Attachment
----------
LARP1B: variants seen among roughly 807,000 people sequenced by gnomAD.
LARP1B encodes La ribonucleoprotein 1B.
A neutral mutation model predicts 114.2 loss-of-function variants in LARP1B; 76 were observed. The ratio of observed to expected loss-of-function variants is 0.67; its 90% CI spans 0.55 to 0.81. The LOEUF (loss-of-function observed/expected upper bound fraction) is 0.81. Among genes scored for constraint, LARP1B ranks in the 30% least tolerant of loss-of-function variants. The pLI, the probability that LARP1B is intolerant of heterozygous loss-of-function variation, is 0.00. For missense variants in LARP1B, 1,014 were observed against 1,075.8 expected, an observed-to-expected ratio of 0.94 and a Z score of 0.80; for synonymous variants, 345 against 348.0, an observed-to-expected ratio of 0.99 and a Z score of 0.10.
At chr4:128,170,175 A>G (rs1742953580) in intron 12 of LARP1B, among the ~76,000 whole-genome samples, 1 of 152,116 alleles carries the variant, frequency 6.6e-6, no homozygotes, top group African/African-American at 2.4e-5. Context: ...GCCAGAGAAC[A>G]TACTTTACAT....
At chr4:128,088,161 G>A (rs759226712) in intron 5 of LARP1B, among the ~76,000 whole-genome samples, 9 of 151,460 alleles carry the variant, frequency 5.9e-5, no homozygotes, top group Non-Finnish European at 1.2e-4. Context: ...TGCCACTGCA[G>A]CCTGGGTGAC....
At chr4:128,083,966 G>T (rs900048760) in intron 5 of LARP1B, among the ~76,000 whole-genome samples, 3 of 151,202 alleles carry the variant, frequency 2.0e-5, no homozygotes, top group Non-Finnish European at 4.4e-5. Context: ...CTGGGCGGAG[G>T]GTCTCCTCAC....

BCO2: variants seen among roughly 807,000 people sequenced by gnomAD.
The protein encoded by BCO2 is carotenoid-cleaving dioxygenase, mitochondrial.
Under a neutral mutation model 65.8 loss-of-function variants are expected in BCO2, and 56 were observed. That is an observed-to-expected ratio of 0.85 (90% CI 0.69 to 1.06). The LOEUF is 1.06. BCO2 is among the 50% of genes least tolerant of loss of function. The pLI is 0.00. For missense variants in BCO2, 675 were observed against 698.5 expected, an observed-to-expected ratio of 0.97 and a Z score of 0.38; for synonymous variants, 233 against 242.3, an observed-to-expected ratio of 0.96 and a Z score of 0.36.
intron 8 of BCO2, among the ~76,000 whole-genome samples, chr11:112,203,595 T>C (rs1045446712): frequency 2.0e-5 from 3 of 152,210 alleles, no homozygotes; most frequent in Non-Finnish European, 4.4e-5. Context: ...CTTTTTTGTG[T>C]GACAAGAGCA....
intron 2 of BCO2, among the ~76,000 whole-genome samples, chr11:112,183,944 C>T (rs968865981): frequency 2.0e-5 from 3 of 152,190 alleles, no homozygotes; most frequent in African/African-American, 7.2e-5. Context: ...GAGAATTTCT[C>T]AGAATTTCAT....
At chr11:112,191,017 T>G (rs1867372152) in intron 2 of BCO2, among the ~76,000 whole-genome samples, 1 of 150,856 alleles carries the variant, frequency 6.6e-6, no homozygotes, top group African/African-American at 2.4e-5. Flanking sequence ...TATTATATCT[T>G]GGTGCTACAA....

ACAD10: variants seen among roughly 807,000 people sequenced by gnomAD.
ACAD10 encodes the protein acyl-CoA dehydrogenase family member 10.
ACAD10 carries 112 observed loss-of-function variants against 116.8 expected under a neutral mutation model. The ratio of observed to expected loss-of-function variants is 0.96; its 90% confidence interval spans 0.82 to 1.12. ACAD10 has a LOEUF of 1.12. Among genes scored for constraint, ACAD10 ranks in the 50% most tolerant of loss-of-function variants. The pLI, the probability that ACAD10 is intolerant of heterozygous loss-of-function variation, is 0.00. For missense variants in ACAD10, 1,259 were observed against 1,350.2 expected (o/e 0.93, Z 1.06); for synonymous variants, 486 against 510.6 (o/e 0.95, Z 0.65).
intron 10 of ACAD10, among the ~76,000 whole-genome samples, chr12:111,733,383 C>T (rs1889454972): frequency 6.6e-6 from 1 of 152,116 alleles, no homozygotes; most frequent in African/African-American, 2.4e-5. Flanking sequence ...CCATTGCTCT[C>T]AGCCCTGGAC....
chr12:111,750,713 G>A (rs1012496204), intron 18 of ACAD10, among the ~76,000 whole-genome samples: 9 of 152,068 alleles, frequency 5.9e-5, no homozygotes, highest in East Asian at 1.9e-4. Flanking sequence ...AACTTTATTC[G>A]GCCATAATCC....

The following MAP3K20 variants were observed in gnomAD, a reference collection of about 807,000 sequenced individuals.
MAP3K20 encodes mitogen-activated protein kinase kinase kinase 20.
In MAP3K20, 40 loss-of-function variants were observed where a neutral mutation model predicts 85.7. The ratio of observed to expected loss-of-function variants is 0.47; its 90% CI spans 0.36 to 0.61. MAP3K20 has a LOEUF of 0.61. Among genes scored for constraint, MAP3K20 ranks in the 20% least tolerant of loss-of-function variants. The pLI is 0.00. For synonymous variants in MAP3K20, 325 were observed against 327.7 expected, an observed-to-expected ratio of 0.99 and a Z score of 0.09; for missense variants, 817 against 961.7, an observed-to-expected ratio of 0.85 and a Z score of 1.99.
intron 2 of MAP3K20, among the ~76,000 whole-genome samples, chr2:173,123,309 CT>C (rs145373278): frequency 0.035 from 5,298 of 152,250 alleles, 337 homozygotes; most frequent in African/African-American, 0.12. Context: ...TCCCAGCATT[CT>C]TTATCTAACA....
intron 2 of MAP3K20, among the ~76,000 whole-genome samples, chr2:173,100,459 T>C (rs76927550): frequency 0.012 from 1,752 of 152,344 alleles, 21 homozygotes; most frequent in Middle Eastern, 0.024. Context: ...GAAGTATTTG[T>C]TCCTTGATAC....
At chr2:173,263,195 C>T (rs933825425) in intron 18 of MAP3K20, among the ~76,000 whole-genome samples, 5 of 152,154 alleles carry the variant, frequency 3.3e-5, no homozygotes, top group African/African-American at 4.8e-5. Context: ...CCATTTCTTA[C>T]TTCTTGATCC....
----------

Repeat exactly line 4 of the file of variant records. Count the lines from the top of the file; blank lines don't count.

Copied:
At chr4:128,170,175 A>G (rs1742953580) in intron 12 of LARP1B, among the ~76,000 whole-genome samples, 1 of 152,116 alleles carries the variant, frequency 6.6e-6, no homozygotes, top group African/African-American at 2.4e-5. Context: ...GCCAGAGAAC[A>G]TACTTTACAT....